Chef Heiko Nieder at The Restaurant at the Swiss hotel in Zürich serves delicate creations adorned with impeccable flora and fauna hand-picked by the brigade. Richard McComb samples the lunch menu
Lisbeth Salander, the heroine of The Girl with the Dragon Tattoo, missed a trick when she stayed at the Dolder Grand in Zurich. Admittedly, she had a lot on her mind, like wreaking revenge on a corrupt financier, but to fail to dine at the two-Michelin-star The Restaurant smacks of reckless oversight by the meticulous computer hacker. A quick check on Google would have flagged up the splendours of the ground-floor dining room.
We meet on The Restaurant's sun terrace after the chef and his team have delivered a faultlessly prepared nine-course lunch. There are two unscripted pre-starter courses - an exquisite looking and tasting Cretan salad, all gentle tang and lightness, followed by a salad of octopus, banana (yes, banana) and olive oil with garlic and garlic flowers.
A dish of barely cooked rabbit with miso, green tomatoes and green meadow herbs is particularly stunning. The rabbit is sliced and marinated in green tomato juice with green Tabasco, white balsamic, sugar and salt. There is "miso crème", pimientos del PadrÁ³n, shimeji mushrooms (pickled in cane sugar and soy sauce), marinated enoki mushrooms, bread chips and piment d'Espelette.
Then there is the small matter of picking the dish's nine meadow herbs: sorrel, dandelion, burnet, chive, plantain, meadow carrot, bedstraw, lady's smock and bird vetch. "It takes two chefs half an hour to pick the herbs in the hotel's garden each day," says Nieder.
The quality of the vegetables, like all the produce, is outstanding. The green tomatoes, spring vegetables and zucchini flowers, just some of the vegetables showcased, come from local farmers in Switzerland. A light yet flavour-infused "soup" is described with glorious understatement as 'vegetable stock'. The vegetables - dried tomatoes, mini tomatoes, mushrooms including shiitake and mairitterling (sautéed with shallot and garlic), celeriac rolls, celery cress, boiled celeriac, boiled parsley root, parsley cress, garlic slices and thyme - are precisely but not clinically assembled in the centre of a white bowl and gently luxuriate as a waiter pours stock over them.
Brittany lobster with marinated baked strawberries, beetroot, tarragon and mustard has become a signature dish at The Restaurant and tastes like an edible expression of summer.
The fish course, Icelandic char ("it is better than from the mountains"), comprises a tartare and a tranche of the sweet fish "cooked" at 65ÂºC or, in Nieder's words, "kissed" by the heat. It is accompanied by a salad featuring pansy blossoms, camomile flower and borage.
Fastidious attention to detail means the hotel employs a full-time chocolatier. "It is very important for the hotel to have our own homemade chocolate and to do so with our quality standards it requires a person who does it as a full-time job," explains Nieder.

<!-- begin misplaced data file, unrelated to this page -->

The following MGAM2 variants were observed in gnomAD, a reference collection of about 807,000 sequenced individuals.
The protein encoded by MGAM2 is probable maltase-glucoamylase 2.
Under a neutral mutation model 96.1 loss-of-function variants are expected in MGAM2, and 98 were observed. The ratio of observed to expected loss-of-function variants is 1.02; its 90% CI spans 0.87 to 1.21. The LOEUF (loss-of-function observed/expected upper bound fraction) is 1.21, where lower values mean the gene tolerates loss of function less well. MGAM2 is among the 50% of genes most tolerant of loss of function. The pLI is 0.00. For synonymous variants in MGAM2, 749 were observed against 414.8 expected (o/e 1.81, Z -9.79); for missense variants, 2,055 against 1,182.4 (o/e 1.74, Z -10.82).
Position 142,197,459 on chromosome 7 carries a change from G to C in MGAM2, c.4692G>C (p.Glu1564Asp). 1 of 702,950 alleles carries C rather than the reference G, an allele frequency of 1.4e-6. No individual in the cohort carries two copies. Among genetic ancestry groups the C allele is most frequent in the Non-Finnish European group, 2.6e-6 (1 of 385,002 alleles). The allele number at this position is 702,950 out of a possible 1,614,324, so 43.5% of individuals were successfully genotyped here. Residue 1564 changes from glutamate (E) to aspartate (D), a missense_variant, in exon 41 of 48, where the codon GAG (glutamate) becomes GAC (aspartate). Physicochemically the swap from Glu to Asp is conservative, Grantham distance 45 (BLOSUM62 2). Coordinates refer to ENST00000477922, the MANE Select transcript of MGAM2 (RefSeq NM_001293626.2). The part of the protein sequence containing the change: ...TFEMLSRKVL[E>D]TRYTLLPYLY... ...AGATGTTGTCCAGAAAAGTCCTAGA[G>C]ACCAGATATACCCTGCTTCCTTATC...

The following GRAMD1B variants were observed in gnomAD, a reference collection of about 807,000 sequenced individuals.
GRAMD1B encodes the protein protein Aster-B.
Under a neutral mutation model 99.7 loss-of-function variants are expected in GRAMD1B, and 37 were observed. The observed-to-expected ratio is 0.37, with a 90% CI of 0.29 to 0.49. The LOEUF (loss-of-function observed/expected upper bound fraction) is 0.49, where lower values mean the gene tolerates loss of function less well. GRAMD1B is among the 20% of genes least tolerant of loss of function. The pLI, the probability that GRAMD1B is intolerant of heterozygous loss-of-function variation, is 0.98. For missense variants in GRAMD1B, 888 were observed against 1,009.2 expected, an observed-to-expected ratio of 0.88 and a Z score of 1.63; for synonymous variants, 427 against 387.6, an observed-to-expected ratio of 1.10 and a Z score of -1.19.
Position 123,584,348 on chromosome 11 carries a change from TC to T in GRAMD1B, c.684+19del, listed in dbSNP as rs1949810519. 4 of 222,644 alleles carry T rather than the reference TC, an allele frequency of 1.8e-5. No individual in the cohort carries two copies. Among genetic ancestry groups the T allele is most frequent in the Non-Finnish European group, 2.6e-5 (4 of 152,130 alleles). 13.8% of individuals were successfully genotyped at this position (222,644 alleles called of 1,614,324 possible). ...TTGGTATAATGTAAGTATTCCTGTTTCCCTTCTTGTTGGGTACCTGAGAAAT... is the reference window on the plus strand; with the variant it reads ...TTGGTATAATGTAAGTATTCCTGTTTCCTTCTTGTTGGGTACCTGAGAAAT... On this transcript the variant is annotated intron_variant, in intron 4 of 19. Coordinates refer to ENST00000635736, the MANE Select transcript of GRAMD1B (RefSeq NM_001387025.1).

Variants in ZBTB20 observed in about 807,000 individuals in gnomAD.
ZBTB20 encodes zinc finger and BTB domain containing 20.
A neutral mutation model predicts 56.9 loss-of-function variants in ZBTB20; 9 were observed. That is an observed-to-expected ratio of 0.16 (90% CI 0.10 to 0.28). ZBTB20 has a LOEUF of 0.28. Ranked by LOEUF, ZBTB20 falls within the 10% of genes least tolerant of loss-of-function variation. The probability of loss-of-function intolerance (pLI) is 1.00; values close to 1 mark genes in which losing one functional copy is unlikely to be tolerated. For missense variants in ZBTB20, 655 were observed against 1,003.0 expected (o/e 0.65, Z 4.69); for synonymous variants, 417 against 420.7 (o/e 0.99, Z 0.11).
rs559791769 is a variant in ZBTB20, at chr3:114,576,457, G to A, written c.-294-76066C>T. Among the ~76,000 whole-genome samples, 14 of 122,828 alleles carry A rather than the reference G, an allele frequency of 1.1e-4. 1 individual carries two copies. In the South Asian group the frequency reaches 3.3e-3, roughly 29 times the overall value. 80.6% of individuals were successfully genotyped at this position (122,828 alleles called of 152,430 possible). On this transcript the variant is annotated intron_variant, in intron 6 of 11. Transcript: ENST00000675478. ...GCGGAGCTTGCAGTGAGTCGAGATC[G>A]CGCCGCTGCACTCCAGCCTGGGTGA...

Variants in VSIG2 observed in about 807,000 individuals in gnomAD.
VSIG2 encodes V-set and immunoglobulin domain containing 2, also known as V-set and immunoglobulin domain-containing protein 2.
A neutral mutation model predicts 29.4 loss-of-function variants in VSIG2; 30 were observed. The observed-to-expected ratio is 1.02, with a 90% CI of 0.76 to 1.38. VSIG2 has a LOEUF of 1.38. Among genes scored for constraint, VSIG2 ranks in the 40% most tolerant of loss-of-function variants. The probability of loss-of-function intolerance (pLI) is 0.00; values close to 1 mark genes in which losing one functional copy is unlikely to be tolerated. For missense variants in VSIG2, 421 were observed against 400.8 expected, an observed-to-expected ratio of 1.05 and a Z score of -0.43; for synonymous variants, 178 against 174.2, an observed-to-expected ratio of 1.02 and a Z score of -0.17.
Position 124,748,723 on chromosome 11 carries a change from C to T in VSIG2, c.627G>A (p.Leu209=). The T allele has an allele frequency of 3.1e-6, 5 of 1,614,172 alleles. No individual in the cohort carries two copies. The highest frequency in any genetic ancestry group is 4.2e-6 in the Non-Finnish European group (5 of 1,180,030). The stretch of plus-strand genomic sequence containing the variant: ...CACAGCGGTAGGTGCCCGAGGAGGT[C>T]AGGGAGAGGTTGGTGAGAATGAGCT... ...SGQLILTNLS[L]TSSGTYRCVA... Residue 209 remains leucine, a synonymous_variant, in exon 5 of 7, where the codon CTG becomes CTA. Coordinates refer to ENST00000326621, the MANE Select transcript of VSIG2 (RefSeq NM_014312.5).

The Restaurant has 15 tables and a private dining room and usually has 40-45 covers for dinner. Nieder insists the reopening of the hotel in 2008 was not accompanied by a specific brief to chase culinary accolades.
"We never talked about it," he says. "We only wanted to have happy guests. We never talked about two Michelin stars or the points of GaultMillau. At the beginning, we only wanted to serve fine dining and we would see what would happen. You have to do the best you can. Every day you have to want to make everything better - the whole product."
For all the spectacular cooking, Nieder ensures The Restaurant impresses for the simpler things as much as the rarefied flourishes. Take the bread. A rustic sunflower bread is brought to the table with a herb butter and a cream cheese butter. It is deliciously good.
Nieder loves bread and his kitchen also produces five varieties of buns, including caraway and Amaranth buns. Nieder says: "This variety of homemade breads is very rare in hospitality and you can say that it is a craft in itself."
The chef himself was something of a prodigy, winning the title of "Discovery of the Year" by GaultMillau for his work at L'Orquivit in Bonn in 2003. So I ask him what advice he would give to a young chef starting out.
"It is important you learn the basics before trying signature dishes," he says. "Young chefs need to be aware that they have to work a lot for little money before they can reap the fruits of what they have learned. It is also important to learn to say 'No' to your boss," says Nieder.
But it might be best to wait until service is over.
From the lunch menu
Canapés: Nacho bag; pommes soufflé with herbal salt; cheese BrÁ¶tli; radish with dried seaweed and wasabi; scrambled eggs foam, Thurblau cheese and fried onions; vegetable rolls with Pedro Ximénez vinegar
André Clouet Brut Rosé Champagne
Lobsters with strawberries, beetroot, tarragon and mustard
2012 Sauvignon Blanc Steirische Klassik;
Manfred Tement - Steiermark Rabbit with miso, green tomatoes, green meadow herbs
2011 Condrieu Invitare; M Chapoutier - Rhône
The vegetable stock
Dry White Niepoort - Porto
White chocolate with woodruff, celery, basil and Campari
2010 Soandre; Bosco del Merlo - Veneto
Eight courses: 208 CHF; five courses: 178 CHF
The Restaurant at the Dolder Grand
8032 ZÁ¼rich, Switzerland
+41 44 456 60 00